The Art Of Getting It All Wrong

Image by congerdesign from Pixabay

I am very happy today since when I went to the market this morning, I saw a drop on the price of turnip, eggplant, and watercress. Almost every veggie is getting half way back to its price a year ago. Finally, I am seeing the light at the end of the inflation tunnel–at least I hope so.

I have been very careful with what I eat and try to stay healthy, but staying healthy is quite boring. So I’ve developed the habit of watching videos, in which people binge eat. Last week, I watched two people competing in dumpling mukbang, one woman and one man, finishing off 100 dumpling each. I have to say I felt really sick afterwards even if the two contestants look like they enjoy themselves.

To kick the habit of watching such savage videos, I searched and searched, finding a video about egg fried rice, which is very funny, and another one about Thai green curry, which is even more hilarious. It is about a young man Roger roasting a celebrity chef named Jamie. Roger is from Malaysia and I think his popularity increases when he roast a celebrity like Jamie. At one point Roger says that Asian spices always come in plastic bags; Jamie’s neat tidy spice shelf with well ordered glass containers is so not Asian. I laughed out loud. Poor Jamie, who according to my google search is a very popular British chef. He almost gets every step wrong in his cooking. It is just so funny. Actually I feel sympathetic towards Jamie since he must be putting himself out there as a comic figure or something. He is very confident that he gets it right, which makes it even funnier. I hope nobody gets hurt by Roger, who can be impolite sometimes. However he’s so funny that one has no choice but to forgive his little antics. And Jamie is trying to learn and I hope people won’t give him a hard time.

Anyway, this is a perfect example that often what we see or what we think we see of other cultures is not quite what it is. Learning from other cultures, at least in the beginning stage or the superficial state, is often a practice of the art of getting it all wrong. Obviously Jamie didn’t do much investigation of the recipe. He probably had a general idea. The rest were all his own instincts or habits. The problem is that when the culture is different, many instincts and habits are different.

And I think most Asian immigrants try to learn from the mainstream Americans in the same way. We get it wrong frequently. And we probably get it wrong in many aspects of even a very simple issue. And after years of living here, I just doubt myself every time–even if I happen to get it right, I still suspect that I get it wrong.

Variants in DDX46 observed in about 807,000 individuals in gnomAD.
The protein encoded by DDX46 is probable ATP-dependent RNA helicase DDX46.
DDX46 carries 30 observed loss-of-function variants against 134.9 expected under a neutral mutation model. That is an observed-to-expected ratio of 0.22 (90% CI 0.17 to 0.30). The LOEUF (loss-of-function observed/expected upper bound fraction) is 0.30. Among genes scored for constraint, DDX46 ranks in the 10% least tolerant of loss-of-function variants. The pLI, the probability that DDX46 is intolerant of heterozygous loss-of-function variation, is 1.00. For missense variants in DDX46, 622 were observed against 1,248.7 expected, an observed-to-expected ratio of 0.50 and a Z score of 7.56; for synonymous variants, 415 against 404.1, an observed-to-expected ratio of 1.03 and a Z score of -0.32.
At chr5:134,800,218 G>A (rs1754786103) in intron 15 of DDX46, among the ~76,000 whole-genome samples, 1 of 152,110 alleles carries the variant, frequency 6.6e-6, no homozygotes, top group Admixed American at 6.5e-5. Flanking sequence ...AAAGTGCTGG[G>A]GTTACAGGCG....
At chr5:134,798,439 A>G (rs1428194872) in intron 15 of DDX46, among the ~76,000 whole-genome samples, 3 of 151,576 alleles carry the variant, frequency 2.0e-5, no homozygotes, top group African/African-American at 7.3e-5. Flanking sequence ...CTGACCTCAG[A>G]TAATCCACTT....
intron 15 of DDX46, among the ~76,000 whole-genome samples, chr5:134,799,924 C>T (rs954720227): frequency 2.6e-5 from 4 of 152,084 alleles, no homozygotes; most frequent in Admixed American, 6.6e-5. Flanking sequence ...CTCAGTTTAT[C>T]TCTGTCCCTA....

I can still remember I’ve never mastered the skill to cook potato salad, coleslaw, mashed potato, calzone, turkey etc. even after many trials and errors. Well, failure is not the mother of success, but rather failure is the mother of another failure. I finally gave up trying after stuffing myself with too many failed potato salad, watery coleslaw, terrible gravy, leaky calzone, and dried up turkey. It is not easy to learn to cook the food of another culture.

My friend Luc is a wonderful cook, but it takes her many practices (several years at least) to perfect her skills in cooking the soups that Wegman’s put out every day. Her husband just love Wegman’s soups and Luc has to learn to cook it to save money since buying Wegman’s soup every day is quite expensive, about $10 for a small 16 oz. container.

And I’ve witnessed parents, who have little idea how things really work here, waste all the family fortune to try to make their child an ice skater, a pianist, a golfer. I’ve witnessed Asians trying to get into politics, but only to be disappointed year after year. I’ve learned stories of parents falling sleep at their children’s school play, or parents trying hard to understand their children’s American interest but not being able to comprehend it.

I would love to write a story about all these failed learning experiments, but it is not easy to make them interesting. I am still trying to make boring topic more interesting to read, but I haven’t been able to do it.

And I am probably too negative about this since people do learn and we can be better. I really should be more positive. Why can’t I be more positive?

10 thoughts on “The Art Of Getting It All Wrong

  1. Fitting in can never be easy especially with the diverse cultures and backgrounds. I think two people from the same family don’t ‘fit in’ the same way. Haha! It’s best to not try too hard and keep things balanced. Nice sharing, Haoyan. 🙂

    Liked by 1 person

  2. It’s hard to fit in as an immigrant but at the same time I’ve learnt that it’s also okay not to fit in and just embrace who you are and what you actually love. This will probably make you unpopular though lol.
    Glad the prices are decreasing. We’re not that lucky in Kenya yet but fingers crossed.

    Liked by 1 person

    1. I mean trying to fit in is actually doing the heavy lifting. A lot of emotional damage can be the consequence. I guess finding a niche is probably more practical.


  3. Ditto re what IM and Herb said – your posts are always interesting. It’s a mad world, afterall. You do have a subtle sense of satire and irony and with your range of topics above, I think you can definitely build stories around these.

    Liked by 1 person

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